The trucks on my Pearl #3 are not rotating at the mid-point of the rails (midpoint as measured from bottom to top). My general question is: Should trucks and rails have oil on them or should they be dry?
I read Briar topics #16129, 17671, 17893 looking for answers to my general problem and to my specific question about oil.
Rollers are 1-1/2” and the trucks are 1-3/8” which is factory spec. I tried trucks that were larger 1.425” and the rollers touched the frame at the bottom and they still didn’t roll except at the top and bottom of the rails. All of the trucks spin easily on the roller cores and there is plenty of clearance between them. I oil this clearance and the saddles. There is good tension of the saddle/hook springs. They are the originals from their appearance.
Conditions: The trucks turn easily in the saddle hooks and the rollers turn easily inside the trucks when rolling over plates/type, but slurring occurs at the first line of type encountered by the roller (bottom of chase as installed in the press) since that’s where the roller first begins to turn. The trucks slide over the rails and don’t turn, except at the top and bottom of their travel. The trucks are touching the rails (tested with tissue paper feeler strips).
I tried adding black friction (no pun intended) tape and it improved the situation somewhat, leading me to the question about oil on the rails and trucks.
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Rollers should not be turning freely within the trucks. (Some Kelsey rollers were designed that way, but it is bad design practically requiring the roller bearers Kesey also sold.) There should be pins, or lugs crimped into the roller core, that fit into slots or recesses in the truck, fixing their relative position. Otherwise the roller may not turn until it is driven by contact with the form, with slurring at the lead edge.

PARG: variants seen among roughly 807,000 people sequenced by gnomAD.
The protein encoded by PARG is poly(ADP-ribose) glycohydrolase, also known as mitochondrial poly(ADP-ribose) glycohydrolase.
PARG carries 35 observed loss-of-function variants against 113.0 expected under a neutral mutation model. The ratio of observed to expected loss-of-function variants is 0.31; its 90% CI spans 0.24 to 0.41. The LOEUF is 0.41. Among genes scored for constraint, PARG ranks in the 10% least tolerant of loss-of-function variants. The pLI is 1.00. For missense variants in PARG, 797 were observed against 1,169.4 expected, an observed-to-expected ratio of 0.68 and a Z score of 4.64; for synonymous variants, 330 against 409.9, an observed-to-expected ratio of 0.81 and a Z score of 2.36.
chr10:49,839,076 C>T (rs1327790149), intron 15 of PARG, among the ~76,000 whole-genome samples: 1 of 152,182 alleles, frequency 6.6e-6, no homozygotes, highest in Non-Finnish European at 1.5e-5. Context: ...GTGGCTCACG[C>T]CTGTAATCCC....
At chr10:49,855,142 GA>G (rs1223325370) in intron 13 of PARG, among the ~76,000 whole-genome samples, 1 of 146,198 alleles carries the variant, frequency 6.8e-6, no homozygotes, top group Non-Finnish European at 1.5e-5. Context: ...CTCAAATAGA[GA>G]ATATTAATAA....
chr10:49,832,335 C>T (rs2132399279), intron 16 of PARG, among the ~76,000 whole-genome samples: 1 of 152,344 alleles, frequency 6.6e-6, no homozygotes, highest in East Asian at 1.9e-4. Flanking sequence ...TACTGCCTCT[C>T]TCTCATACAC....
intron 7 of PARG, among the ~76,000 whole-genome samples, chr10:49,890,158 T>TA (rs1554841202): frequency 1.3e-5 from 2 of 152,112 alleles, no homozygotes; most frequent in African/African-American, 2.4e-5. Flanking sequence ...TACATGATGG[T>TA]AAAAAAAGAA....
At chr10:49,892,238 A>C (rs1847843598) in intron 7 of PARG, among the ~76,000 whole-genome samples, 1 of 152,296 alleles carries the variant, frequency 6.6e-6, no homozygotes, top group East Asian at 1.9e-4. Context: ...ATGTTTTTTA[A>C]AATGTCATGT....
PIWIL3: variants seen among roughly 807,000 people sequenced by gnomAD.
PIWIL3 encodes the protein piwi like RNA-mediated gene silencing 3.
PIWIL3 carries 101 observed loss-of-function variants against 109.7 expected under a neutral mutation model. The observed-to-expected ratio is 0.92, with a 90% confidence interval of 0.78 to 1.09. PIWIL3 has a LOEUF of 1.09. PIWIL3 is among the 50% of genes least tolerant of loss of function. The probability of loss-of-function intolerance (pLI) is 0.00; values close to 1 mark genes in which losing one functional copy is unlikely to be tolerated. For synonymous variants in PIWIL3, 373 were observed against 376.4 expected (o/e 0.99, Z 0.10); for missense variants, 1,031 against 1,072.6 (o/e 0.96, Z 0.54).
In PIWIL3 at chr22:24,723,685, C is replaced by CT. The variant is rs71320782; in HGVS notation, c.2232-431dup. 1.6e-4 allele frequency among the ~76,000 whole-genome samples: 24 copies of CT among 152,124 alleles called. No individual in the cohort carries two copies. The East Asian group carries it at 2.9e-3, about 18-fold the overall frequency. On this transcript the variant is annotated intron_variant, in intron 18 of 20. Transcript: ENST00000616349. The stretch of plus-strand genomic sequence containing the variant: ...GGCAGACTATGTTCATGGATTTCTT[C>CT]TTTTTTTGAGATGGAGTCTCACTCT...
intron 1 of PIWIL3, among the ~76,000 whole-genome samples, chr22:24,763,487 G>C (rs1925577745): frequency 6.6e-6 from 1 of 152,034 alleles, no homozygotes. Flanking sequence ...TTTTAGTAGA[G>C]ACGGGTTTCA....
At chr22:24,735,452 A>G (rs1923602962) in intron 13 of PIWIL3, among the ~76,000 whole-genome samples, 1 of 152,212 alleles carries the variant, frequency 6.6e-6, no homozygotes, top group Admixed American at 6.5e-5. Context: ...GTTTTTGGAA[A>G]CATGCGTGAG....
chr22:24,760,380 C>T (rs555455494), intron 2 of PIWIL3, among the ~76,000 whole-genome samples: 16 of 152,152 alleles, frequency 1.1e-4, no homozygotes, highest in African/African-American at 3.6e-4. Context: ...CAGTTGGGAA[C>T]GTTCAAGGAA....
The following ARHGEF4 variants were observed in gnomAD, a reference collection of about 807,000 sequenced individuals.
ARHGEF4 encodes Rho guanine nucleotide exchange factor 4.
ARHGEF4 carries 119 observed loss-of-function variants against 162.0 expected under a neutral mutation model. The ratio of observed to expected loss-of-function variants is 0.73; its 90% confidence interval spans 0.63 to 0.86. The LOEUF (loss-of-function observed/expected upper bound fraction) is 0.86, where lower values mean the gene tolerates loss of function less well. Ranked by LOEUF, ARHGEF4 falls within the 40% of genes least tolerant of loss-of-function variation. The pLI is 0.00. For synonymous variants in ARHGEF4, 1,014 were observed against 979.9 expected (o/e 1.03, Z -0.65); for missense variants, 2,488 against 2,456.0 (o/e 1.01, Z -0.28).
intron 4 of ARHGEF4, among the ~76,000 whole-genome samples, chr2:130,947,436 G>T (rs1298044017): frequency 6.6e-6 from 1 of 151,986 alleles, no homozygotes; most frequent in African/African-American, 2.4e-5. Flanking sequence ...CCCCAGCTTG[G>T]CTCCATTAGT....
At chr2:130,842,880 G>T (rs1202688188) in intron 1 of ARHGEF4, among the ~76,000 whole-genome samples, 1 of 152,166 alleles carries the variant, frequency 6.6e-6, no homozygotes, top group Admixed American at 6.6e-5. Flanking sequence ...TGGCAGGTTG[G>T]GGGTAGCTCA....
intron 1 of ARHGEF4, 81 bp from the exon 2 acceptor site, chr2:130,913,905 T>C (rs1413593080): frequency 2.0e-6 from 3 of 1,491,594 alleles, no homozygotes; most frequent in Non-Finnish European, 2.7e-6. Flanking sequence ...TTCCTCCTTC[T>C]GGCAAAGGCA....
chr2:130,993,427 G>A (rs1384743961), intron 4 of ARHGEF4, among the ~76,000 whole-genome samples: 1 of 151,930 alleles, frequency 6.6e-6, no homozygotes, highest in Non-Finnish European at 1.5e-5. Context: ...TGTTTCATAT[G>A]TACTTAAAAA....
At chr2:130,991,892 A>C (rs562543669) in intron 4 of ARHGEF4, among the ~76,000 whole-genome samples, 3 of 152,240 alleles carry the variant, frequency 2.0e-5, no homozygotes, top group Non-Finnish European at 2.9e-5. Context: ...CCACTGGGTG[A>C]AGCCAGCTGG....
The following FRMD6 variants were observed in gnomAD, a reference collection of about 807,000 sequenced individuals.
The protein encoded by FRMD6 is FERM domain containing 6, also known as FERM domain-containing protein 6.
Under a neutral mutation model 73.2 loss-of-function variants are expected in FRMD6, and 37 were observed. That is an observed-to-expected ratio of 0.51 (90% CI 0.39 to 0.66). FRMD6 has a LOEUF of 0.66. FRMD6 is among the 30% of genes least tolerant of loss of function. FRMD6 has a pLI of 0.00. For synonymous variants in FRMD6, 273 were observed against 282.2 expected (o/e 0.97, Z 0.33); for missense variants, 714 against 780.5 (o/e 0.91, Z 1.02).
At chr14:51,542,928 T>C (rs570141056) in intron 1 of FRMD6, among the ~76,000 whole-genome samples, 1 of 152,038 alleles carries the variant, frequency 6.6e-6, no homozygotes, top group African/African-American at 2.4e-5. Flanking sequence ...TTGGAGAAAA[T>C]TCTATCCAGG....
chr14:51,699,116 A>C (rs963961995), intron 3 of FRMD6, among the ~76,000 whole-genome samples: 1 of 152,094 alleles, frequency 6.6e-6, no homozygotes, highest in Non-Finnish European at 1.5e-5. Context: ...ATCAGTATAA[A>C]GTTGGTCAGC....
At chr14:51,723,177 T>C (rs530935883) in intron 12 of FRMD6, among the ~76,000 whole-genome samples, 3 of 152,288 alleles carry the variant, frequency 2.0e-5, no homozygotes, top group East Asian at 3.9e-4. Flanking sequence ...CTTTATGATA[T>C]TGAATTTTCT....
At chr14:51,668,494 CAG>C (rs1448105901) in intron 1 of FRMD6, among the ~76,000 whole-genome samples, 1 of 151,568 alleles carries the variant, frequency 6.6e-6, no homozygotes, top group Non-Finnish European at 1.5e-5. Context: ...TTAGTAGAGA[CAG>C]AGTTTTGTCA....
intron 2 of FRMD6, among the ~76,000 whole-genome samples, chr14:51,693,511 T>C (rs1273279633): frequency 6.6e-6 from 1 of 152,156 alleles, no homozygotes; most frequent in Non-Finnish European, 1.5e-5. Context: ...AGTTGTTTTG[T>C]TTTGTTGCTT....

Surfaces of tracks and trucks should be clean, not oiled, which will cause slipping.
parallel_imp is correct that the trucks should not turn on the roller core/shaft. If there is no other way to secure the truck to the roller, one can put the truck on the roller shaft with a piece of string between the truck and shaft (this may require some oomph (but not a lot) to get the truck on, the idea being the bind the truck to the core—while still being able to remove it later as required.
You should secure the trucks to the cores so they rotate as one. I’ve done this successfully with a couple of lengths of waxed dental floss run through the truck alongside the core. If the truck won’t slide right over it you can drive it on with a rubber mallet.
You don’t want any oil on the trucks or rails, just a drop where the core rotates in the roller arm.
The Arm Letterpress
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